Sumana Roy. How I Became a Tree. New Haven, Conn.: Yale University Press, 2021. 236 pages.
Reviewed by Olga V. Solovieva
21 December 2023
The posthuman is most commonly imagined in our time as a speculative transcendence of biological limits through some kind of technological hybrid. But Sumana Roy’s book How I Became a Tree shows that the answer to discontent with the human was here all along. On its last pages, we read that “all that the Buddha asked men to be, bereft of greed and desire, and everything that caused suffering, especially the vanity that makes us obsess about control, a life with these subtractions, was actually the life of a tree” (p. 191).
This destination, which is also the author’s own, is already adumbrated in the book’s epigraph from the Polish poet Czesław Miłosz: “Not that I want to be a god or a hero. Just to change into a tree, grow for ages, not hurt anyone.” Connecting these dots, Roy traces a path through the intellectual history of mankind. In this history, trees have always been part of human existence as objects of knowledge, love, and wonder. Intellectual, spiritual, as well as physical yearnings bond us to trees: People wanted to metamorphose into trees, marry them, worship them, confide in them, and be protected by them. They also hoped to understand them, organize and categorize them, cultivate them, and to become, in a sense, their intellectual partners. Though the more frequent pattern is one of trees being integrated into culture and thus humanized, Roy turns the tables to imagine a world in which the destiny of people would be to become trees.
Imagining the point of view of a child, animal, or even a tree as an estrangement device that allows for a new perspective on the familiar world is not new in itself. In Roy’s book, however, this estrangement is not just a switch of perspective. It is rather a metamorphosis of a way of knowing into a way of being. Trees think with their bodies, talk with their leaves. The vegetative condition in Roy’s book is not a mindless one, but one of wisdom. At the heart of the book is Rabindranath Tagore’s garden in Santiniketan, part of his new university that was meant to integrate India and the larger world. So, too, Roy’s book interweaves Indian spiritual, scientific, and cultural traditions with those from other worlds—Asia, Europe, the Americas. The intellectual tenacity of her relentless questioning of the whole system of human values is as radical as it is unassuming.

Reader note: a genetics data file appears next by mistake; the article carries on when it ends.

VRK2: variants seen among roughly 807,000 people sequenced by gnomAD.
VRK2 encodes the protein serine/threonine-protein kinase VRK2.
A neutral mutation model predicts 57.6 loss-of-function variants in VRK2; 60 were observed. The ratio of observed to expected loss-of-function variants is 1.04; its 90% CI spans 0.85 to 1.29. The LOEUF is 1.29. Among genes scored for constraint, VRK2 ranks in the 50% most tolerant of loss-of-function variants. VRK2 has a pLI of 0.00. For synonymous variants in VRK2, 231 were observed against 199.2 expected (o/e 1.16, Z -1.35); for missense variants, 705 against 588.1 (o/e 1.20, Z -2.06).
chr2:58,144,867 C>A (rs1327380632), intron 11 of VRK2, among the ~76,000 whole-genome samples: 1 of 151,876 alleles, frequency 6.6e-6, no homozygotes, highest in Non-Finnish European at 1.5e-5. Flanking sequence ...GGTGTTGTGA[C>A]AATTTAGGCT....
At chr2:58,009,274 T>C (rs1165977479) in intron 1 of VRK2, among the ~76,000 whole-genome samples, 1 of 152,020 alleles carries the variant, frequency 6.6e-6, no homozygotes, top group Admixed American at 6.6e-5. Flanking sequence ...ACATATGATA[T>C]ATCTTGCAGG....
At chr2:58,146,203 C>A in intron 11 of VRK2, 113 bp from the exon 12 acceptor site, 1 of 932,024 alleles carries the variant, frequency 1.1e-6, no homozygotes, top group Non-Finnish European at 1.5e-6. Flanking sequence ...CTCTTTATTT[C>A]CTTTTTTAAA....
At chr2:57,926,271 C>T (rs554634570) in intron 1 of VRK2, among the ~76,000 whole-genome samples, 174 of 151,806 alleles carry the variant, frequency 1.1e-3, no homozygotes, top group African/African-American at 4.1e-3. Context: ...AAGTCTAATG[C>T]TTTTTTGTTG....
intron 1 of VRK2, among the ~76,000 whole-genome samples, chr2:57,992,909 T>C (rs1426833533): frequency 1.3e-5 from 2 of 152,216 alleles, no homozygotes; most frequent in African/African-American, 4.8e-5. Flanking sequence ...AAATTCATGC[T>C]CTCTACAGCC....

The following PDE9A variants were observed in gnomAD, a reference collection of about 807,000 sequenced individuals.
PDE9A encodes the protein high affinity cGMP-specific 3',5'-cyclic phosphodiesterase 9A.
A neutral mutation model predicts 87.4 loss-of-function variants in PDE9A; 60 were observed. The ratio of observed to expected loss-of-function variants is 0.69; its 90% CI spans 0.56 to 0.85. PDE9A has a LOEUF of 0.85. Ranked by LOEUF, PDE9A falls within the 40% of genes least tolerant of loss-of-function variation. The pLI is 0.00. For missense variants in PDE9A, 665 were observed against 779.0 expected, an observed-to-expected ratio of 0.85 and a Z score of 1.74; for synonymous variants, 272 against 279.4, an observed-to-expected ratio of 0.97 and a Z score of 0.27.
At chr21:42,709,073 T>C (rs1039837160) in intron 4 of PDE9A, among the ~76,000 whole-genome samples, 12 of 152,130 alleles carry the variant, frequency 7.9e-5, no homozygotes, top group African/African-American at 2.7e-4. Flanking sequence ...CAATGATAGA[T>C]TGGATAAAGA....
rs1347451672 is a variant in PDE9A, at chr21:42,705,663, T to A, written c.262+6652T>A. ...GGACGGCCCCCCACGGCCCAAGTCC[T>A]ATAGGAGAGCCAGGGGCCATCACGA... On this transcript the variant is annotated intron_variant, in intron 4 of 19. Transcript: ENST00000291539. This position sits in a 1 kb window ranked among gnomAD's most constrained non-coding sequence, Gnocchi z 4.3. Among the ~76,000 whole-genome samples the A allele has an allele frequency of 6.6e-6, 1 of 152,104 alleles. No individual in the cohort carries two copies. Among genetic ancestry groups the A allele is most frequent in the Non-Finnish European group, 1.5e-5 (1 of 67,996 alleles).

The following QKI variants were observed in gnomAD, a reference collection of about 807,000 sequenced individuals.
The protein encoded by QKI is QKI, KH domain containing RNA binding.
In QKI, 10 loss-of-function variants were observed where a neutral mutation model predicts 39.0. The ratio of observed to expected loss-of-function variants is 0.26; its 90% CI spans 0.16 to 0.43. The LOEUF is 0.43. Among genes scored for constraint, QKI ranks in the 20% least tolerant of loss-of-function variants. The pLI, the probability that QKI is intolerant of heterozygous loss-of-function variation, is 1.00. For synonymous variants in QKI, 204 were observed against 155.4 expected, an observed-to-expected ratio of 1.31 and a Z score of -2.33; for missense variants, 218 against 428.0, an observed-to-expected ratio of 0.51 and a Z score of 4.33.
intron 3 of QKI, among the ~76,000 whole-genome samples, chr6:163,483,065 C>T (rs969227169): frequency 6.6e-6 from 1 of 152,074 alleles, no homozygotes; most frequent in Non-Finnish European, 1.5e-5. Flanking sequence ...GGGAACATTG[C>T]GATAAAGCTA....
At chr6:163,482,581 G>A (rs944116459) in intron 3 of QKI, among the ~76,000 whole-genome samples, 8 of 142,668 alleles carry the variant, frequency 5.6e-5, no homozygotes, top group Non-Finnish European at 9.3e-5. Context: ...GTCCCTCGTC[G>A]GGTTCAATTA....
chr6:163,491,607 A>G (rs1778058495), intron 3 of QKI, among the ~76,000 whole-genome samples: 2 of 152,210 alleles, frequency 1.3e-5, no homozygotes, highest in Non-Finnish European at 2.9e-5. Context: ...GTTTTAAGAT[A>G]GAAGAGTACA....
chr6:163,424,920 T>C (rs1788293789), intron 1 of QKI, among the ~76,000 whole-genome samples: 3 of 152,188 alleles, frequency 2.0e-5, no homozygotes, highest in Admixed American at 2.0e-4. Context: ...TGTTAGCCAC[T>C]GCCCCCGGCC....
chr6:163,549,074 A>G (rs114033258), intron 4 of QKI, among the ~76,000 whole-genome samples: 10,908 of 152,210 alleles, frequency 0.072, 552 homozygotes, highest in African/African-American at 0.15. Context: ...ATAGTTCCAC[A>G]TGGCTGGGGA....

This political lesson from the plants questions the monologizing and monopolizing social norm with its many ingrained inequalities, violences, and injustices— the status of women, the institutions of marriage and education, the position of minorities. When the plant world is adopted as an alternative and a critical device, an inevitable idealization occurs. For the plant world, as anyone who has ever neglected a garden has had a chance to observe, is as full of violence and conflict as it is of mutual aid or Buddhist transcendence of self. It contains invasive and parasitic species, aggressive domination and territorial struggle, exposure to viral and bacterial diseases, and natural disasters—a Darwinian scene of the survival of the fittest. And where our species is concerned, plants also occasionally kill humans by dropping branches on their heads and dwellings or by exuding poisons and allergens. “Becoming a tree” is not a simple one-step solution to the problem of violence.
Even if abandoning technological civilization for a plant world would not necessarily rescue us from the discontents of the human, the achievement of Roy’s book, intellectual and aesthetic, lies in overcoming the status of the tree as a mere metaphor or setting. Instead, the tree becomes a synecdoche of everything in human nature that allows us to move a step closer to becoming a tree. Here the tree embodies the human potentiality for improvement by intertwining with our propensity for freedom, peace, intellectual self-reliance, silence, empathy, and poetry. In one of her book’s many poetic epigraphs, Roy quotes from Octavio Paz’s A Tree Within: “A tree grew inside my head.” Roy’s book makes this invisible tree visible, tangible, and sharply relevant (p. 1).